How to Run a World-class Website with a DevOps team of Two
Guest post by Alexander Döring, Senior Software Engineer at Smallpdf
At last count, Smallpdf, the PDF conversion startup I work for, had roughly 13 million monthly users. As for the number of employees currently running our website? That would be 10—with only two employees focused on the backend and infrastructure.
You might be curious to learn how we run such a processing intensive website with such a small DevOps team. Our little secret stands in automation and delegation. We send as much work as possible to external services. Here’s how we do it.
At Smallpdf, we allow users from all over the world to compress, convert, and edit PDFs online for free. To accomplish this, users don’t need to install any additional software; all they need to do is upload a file. This action automatically sends a task to a queue describing what to do with the document (for example: make the uploaded PDF smaller or turn it into a Word document). A “worker” server then grabs the task and the input file, processes these files, writes the output file, and finally sends a result back into the queue.
Given this setup, one of the keys to Smallpdf’s success is the number of “worker” servers necessary for processing. Using AWS, we’re able to spin up an EC2 instance within minutes, as opposed to having to wait for hours (or even days).
Before deciding to migrate to AWS, we used to have a few dedicated “file” servers for uploading and downloading files. It was highly complicated and time-consuming, as we had to constantly keep an eye on them: Do they have enough bandwidth? Are they running out of hard disk space? The near infinite storage of AWS S3 replaced these concerns completely, becoming a key factor in keeping our infrastructure lean and robust. We let AWS experts worry about performance, uptime and scaling in this specific domain, and use our limited manpower in other areas.
A similar action was undertaken with our central nervous system, the “queue” servers. Without them, the “workers” can get no task to process, and the user can’t get the result they need. Our “queue” servers were working pretty well, but over time we got more and more reluctant to make any changes to them for fear of breaking everything. Therefore, we soon decided to replace them with SQS for sending tasks and SNS for sending results.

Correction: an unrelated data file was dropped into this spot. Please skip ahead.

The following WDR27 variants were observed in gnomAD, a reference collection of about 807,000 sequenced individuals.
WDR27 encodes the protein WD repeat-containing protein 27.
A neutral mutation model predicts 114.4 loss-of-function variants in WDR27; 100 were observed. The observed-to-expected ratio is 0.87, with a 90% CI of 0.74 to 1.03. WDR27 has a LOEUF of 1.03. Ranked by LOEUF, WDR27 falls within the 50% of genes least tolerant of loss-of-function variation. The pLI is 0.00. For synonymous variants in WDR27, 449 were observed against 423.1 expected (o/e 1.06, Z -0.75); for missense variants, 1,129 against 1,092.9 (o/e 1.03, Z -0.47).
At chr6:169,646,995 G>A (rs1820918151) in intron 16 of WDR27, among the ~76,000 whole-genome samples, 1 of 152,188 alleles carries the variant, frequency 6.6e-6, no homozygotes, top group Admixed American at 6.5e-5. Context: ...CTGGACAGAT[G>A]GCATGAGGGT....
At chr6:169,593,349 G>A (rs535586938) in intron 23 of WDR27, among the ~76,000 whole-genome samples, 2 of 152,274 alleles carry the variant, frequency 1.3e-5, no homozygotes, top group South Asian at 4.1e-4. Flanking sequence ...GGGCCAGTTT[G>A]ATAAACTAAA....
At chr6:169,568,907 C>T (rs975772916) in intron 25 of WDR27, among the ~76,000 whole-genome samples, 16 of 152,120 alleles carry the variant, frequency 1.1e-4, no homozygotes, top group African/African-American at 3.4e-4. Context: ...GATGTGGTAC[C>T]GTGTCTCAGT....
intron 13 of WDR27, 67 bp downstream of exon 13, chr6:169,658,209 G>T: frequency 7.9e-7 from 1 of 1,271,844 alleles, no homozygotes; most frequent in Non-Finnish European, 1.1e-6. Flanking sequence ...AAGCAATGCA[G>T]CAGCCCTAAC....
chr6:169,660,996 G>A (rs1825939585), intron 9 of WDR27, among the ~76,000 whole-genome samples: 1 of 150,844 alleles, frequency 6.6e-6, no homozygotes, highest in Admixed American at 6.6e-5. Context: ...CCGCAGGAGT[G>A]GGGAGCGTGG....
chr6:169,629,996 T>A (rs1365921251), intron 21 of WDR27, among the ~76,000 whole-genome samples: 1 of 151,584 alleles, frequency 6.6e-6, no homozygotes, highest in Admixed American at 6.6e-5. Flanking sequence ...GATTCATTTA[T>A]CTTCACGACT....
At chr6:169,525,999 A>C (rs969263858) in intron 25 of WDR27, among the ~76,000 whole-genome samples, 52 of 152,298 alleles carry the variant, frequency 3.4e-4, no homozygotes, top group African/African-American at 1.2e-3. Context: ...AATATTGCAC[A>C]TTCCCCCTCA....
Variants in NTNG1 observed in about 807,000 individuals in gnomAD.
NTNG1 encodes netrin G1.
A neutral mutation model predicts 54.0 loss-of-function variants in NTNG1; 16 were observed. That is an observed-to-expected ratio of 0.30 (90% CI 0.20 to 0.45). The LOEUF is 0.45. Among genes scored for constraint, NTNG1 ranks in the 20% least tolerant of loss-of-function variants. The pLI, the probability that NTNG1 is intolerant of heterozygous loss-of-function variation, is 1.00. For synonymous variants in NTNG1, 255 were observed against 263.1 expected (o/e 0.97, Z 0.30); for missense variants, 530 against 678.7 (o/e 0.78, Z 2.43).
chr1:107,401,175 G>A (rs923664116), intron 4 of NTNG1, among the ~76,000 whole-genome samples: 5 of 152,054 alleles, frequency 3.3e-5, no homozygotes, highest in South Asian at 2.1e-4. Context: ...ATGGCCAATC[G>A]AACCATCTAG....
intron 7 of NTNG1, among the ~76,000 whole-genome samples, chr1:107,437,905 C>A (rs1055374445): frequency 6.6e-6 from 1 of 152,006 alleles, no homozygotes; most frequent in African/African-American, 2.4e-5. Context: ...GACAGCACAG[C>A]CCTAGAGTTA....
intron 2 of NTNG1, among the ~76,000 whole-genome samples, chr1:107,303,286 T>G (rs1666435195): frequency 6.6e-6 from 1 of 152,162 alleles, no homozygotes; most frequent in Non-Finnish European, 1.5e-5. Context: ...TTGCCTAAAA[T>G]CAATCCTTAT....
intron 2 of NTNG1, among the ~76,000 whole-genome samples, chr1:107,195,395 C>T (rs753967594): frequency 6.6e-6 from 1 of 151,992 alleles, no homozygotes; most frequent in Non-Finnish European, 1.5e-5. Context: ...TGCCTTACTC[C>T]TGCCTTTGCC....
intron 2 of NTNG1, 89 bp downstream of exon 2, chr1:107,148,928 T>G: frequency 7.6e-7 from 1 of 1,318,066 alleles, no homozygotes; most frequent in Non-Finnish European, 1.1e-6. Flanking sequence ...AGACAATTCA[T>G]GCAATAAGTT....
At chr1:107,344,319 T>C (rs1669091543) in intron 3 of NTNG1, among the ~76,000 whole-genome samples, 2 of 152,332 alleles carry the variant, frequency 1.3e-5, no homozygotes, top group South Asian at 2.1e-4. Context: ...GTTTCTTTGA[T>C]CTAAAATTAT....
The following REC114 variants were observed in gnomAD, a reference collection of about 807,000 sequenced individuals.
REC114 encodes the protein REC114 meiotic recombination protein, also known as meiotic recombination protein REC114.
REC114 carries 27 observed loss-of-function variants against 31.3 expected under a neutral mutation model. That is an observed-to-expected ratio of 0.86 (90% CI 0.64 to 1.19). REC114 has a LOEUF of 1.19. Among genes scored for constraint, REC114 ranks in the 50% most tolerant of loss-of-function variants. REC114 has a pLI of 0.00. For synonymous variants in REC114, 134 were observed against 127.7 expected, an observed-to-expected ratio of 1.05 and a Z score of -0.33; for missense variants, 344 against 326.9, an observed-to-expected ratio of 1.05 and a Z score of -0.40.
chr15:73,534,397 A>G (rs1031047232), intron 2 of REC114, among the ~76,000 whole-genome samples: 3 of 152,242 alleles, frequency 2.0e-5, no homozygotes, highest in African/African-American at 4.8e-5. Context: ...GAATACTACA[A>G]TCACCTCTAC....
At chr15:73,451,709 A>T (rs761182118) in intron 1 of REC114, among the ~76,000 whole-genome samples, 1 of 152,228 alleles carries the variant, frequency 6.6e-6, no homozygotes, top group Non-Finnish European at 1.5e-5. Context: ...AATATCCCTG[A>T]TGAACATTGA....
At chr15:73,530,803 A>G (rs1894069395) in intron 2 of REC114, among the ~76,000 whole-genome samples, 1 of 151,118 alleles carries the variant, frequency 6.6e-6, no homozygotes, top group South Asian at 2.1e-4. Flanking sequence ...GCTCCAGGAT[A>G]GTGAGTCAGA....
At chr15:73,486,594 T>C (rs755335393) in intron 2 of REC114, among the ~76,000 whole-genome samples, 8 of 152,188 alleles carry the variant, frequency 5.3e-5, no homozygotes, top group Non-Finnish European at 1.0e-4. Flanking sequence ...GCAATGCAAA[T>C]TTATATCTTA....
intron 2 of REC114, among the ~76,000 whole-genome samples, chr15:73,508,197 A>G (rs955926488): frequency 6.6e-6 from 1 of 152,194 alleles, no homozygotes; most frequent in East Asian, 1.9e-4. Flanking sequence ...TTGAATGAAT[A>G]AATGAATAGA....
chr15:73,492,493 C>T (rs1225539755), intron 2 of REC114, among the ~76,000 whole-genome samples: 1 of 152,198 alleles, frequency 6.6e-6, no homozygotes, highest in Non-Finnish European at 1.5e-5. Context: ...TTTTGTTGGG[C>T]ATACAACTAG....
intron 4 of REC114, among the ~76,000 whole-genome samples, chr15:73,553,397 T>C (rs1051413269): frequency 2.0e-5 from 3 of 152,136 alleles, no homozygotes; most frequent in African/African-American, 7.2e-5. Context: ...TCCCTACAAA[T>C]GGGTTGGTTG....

Getting rid of dependencies and state
We’d been thinking about replacing our queue with SQS for some time before. The goal of making changes to the “queue” servers, which would require the use of the new EC2 instances, put us in quite a dilemma. The process was more complicated than we thought, as a lot of things were tightly coupled to the “queue” servers. The frontend would send a task to a random queue and expect the result to arrive later exactly at the same server. Replacing them with zero downtime would be very difficult and time-consuming.
In the end, we decided to switch to SQS and SNS instead, and implement the change in a timeframe comparable to our estimation for the” queue” server replacement. This is how we got rid of our last large dependency between servers. After that, no server would need to know about the existence of another, and all communication would happen through AWS.
In combination with that, we’re now using Elastic Load Balancers for all connections from the outside and are building our programs in Docker containers with a startup time of less than a second. This method brings us a lot of resilience and scalability. We can replace servers without any hassle and scale them up automatically (or manually) within minutes. If any process fails, it restarts immediately or a replacement gets launched automatically.
Our traffic and workloads are highly dependent on the working hours of users all over the world, which peaks at around 4 pm CET, when Europeans are still in the office and workers in North America begin their day. EC2 auto-scaling groups and auto-scaling ECS services let us handle our workload dynamically and try new things. For example, when we were building a new analytics system, Redshift and Kinesis Firehose were the first options we looked at and the choice we went with in the end. Experimentation is a big part of how we continue to optimize our workloads, which currently involves experimenting with Deep Learning and SageMaker. Early indicators point to both services looking very promising.